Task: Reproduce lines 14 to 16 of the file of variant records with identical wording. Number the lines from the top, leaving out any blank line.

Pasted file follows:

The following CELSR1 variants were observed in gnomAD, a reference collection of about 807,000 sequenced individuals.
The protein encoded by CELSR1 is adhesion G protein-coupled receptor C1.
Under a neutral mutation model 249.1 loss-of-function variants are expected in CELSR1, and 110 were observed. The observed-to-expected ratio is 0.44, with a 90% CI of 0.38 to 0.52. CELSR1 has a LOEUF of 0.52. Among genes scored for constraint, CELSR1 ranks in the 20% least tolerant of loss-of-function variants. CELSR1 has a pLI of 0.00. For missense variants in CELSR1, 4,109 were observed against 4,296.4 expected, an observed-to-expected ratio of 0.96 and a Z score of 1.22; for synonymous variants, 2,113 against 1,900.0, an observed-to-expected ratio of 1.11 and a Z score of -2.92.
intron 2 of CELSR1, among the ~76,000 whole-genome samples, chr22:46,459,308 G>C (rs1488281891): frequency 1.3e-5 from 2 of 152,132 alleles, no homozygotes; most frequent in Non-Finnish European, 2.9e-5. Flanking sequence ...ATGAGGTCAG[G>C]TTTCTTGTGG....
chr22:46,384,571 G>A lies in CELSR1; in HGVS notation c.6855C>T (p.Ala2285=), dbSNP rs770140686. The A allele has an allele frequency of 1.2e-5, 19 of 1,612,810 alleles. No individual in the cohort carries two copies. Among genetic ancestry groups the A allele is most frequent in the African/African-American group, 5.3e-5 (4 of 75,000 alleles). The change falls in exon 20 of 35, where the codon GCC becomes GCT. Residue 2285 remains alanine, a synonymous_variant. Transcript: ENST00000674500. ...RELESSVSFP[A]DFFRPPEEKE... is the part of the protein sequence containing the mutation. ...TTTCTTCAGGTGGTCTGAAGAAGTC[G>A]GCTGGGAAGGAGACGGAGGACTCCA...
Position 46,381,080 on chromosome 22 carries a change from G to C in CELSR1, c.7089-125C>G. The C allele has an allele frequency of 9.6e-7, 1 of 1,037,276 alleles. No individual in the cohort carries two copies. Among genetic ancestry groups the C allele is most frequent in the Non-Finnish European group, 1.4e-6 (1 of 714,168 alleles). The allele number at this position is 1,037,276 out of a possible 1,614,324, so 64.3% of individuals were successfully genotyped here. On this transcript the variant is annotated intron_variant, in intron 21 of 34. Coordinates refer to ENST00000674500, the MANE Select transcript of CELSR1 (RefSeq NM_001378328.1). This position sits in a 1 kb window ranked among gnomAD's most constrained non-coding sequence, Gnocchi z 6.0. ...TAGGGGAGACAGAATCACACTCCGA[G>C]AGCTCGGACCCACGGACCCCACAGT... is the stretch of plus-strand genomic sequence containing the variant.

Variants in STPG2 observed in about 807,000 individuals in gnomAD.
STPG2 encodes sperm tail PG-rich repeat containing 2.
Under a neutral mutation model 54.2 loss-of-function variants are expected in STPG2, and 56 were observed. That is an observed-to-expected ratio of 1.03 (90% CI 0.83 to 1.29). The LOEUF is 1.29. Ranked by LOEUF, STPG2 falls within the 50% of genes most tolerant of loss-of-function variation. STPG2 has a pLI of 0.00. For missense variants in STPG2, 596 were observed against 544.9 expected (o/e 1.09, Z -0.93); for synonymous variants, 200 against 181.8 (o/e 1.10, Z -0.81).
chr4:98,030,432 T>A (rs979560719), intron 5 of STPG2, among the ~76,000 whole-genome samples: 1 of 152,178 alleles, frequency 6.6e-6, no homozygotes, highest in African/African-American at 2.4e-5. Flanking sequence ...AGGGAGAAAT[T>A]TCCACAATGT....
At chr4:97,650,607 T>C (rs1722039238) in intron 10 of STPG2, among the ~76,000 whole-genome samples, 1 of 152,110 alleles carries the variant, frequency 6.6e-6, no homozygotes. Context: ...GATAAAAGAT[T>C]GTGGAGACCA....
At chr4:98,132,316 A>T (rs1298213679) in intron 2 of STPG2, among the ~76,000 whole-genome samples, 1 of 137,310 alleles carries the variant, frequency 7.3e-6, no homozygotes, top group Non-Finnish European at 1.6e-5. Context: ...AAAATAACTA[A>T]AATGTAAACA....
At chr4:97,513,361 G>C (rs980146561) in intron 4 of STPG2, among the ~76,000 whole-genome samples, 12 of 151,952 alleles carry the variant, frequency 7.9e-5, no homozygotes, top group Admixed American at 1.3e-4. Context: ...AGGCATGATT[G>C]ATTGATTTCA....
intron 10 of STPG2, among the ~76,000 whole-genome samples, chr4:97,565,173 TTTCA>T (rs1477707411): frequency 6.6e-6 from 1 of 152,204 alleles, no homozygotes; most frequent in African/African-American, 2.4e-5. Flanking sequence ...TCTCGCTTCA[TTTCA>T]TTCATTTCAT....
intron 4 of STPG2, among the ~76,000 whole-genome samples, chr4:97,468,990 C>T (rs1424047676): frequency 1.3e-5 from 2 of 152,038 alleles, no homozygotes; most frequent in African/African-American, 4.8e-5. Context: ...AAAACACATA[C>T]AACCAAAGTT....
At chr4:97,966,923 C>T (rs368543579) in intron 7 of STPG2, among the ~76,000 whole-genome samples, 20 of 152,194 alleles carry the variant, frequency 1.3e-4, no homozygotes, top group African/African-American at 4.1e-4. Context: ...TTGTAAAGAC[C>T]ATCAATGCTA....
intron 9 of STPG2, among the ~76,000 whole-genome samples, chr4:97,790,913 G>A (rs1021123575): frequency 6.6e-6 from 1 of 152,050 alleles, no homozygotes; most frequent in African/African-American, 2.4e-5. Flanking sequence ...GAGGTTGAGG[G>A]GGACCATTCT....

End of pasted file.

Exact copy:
intron 10 of STPG2, among the ~76,000 whole-genome samples, chr4:97,565,173 TTTCA>T (rs1477707411): frequency 6.6e-6 from 1 of 152,204 alleles, no homozygotes; most frequent in African/African-American, 2.4e-5. Flanking sequence ...TCTCGCTTCA[TTTCA>T]TTCATTTCAT....
intron 4 of STPG2, among the ~76,000 whole-genome samples, chr4:97,468,990 C>T (rs1424047676): frequency 1.3e-5 from 2 of 152,038 alleles, no homozygotes; most frequent in African/African-American, 4.8e-5. Context: ...AAAACACATA[C>T]AACCAAAGTT....
At chr4:97,966,923 C>T (rs368543579) in intron 7 of STPG2, among the ~76,000 whole-genome samples, 20 of 152,194 alleles carry the variant, frequency 1.3e-4, no homozygotes, top group African/African-American at 4.1e-4. Context: ...TTGTAAAGAC[C>T]ATCAATGCTA....